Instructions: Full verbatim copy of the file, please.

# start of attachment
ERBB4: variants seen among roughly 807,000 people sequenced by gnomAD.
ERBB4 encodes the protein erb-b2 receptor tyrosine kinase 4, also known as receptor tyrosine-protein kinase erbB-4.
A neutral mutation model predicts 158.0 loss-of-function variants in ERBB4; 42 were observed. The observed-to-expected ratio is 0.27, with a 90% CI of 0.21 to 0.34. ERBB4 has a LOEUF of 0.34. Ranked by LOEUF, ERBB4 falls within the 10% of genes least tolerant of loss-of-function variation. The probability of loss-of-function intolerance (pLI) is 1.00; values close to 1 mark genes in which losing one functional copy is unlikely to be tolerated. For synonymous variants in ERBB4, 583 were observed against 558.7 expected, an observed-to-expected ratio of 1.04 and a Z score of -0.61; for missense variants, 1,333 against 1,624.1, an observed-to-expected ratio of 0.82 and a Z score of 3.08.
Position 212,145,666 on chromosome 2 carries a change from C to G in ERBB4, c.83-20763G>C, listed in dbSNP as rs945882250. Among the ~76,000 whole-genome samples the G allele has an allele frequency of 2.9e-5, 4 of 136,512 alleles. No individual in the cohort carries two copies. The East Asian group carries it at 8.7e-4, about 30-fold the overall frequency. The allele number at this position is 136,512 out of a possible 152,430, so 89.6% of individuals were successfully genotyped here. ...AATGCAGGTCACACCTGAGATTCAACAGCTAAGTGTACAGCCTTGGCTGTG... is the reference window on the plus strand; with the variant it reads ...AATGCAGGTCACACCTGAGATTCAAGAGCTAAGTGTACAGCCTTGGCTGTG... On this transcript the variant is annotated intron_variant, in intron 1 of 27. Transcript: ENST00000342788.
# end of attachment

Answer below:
ERBB4: variants seen among roughly 807,000 people sequenced by gnomAD.
ERBB4 encodes the protein erb-b2 receptor tyrosine kinase 4, also known as receptor tyrosine-protein kinase erbB-4.
A neutral mutation model predicts 158.0 loss-of-function variants in ERBB4; 42 were observed. The observed-to-expected ratio is 0.27, with a 90% CI of 0.21 to 0.34. ERBB4 has a LOEUF of 0.34. Ranked by LOEUF, ERBB4 falls within the 10% of genes least tolerant of loss-of-function variation. The probability of loss-of-function intolerance (pLI) is 1.00; values close to 1 mark genes in which losing one functional copy is unlikely to be tolerated. For synonymous variants in ERBB4, 583 were observed against 558.7 expected, an observed-to-expected ratio of 1.04 and a Z score of -0.61; for missense variants, 1,333 against 1,624.1, an observed-to-expected ratio of 0.82 and a Z score of 3.08.
Position 212,145,666 on chromosome 2 carries a change from C to G in ERBB4, c.83-20763G>C, listed in dbSNP as rs945882250. Among the ~76,000 whole-genome samples the G allele has an allele frequency of 2.9e-5, 4 of 136,512 alleles. No individual in the cohort carries two copies. The East Asian group carries it at 8.7e-4, about 30-fold the overall frequency. The allele number at this position is 136,512 out of a possible 152,430, so 89.6% of individuals were successfully genotyped here. ...AATGCAGGTCACACCTGAGATTCAACAGCTAAGTGTACAGCCTTGGCTGTG... is the reference window on the plus strand; with the variant it reads ...AATGCAGGTCACACCTGAGATTCAAGAGCTAAGTGTACAGCCTTGGCTGTG... On this transcript the variant is annotated intron_variant, in intron 1 of 27. Transcript: ENST00000342788.